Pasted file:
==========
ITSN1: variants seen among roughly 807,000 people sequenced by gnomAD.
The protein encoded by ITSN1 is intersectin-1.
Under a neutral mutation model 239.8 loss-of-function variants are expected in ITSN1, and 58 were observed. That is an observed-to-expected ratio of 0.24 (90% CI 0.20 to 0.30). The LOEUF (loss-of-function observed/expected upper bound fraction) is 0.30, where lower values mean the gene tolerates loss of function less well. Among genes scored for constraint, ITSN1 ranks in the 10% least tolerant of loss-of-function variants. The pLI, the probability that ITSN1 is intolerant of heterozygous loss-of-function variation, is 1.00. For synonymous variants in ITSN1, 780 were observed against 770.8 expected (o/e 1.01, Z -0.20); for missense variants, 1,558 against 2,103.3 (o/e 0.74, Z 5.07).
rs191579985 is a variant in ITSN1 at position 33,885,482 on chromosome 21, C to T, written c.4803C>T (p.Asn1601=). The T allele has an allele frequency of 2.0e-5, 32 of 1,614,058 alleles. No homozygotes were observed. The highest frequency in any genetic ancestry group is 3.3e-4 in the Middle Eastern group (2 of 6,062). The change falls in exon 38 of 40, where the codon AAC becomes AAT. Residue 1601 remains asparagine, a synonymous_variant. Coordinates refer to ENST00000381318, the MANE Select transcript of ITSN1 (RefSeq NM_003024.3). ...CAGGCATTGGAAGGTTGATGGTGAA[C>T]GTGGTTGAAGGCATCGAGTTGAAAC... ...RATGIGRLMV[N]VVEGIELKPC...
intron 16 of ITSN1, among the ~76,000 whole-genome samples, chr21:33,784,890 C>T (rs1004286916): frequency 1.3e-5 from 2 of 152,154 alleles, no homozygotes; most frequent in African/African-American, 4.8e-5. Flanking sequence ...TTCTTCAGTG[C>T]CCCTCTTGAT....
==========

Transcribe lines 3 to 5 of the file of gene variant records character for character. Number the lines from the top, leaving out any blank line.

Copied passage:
Under a neutral mutation model 239.8 loss-of-function variants are expected in ITSN1, and 58 were observed. That is an observed-to-expected ratio of 0.24 (90% CI 0.20 to 0.30). The LOEUF (loss-of-function observed/expected upper bound fraction) is 0.30, where lower values mean the gene tolerates loss of function less well. Among genes scored for constraint, ITSN1 ranks in the 10% least tolerant of loss-of-function variants. The pLI, the probability that ITSN1 is intolerant of heterozygous loss-of-function variation, is 1.00. For synonymous variants in ITSN1, 780 were observed against 770.8 expected (o/e 1.01, Z -0.20); for missense variants, 1,558 against 2,103.3 (o/e 0.74, Z 5.07).
rs191579985 is a variant in ITSN1 at position 33,885,482 on chromosome 21, C to T, written c.4803C>T (p.Asn1601=). The T allele has an allele frequency of 2.0e-5, 32 of 1,614,058 alleles. No homozygotes were observed. The highest frequency in any genetic ancestry group is 3.3e-4 in the Middle Eastern group (2 of 6,062). The change falls in exon 38 of 40, where the codon AAC becomes AAT. Residue 1601 remains asparagine, a synonymous_variant. Coordinates refer to ENST00000381318, the MANE Select transcript of ITSN1 (RefSeq NM_003024.3). ...CAGGCATTGGAAGGTTGATGGTGAA[C>T]GTGGTTGAAGGCATCGAGTTGAAAC... ...RATGIGRLMV[N]VVEGIELKPC...
intron 16 of ITSN1, among the ~76,000 whole-genome samples, chr21:33,784,890 C>T (rs1004286916): frequency 1.3e-5 from 2 of 152,154 alleles, no homozygotes; most frequent in African/African-American, 4.8e-5. Flanking sequence ...TTCTTCAGTG[C>T]CCCTCTTGAT....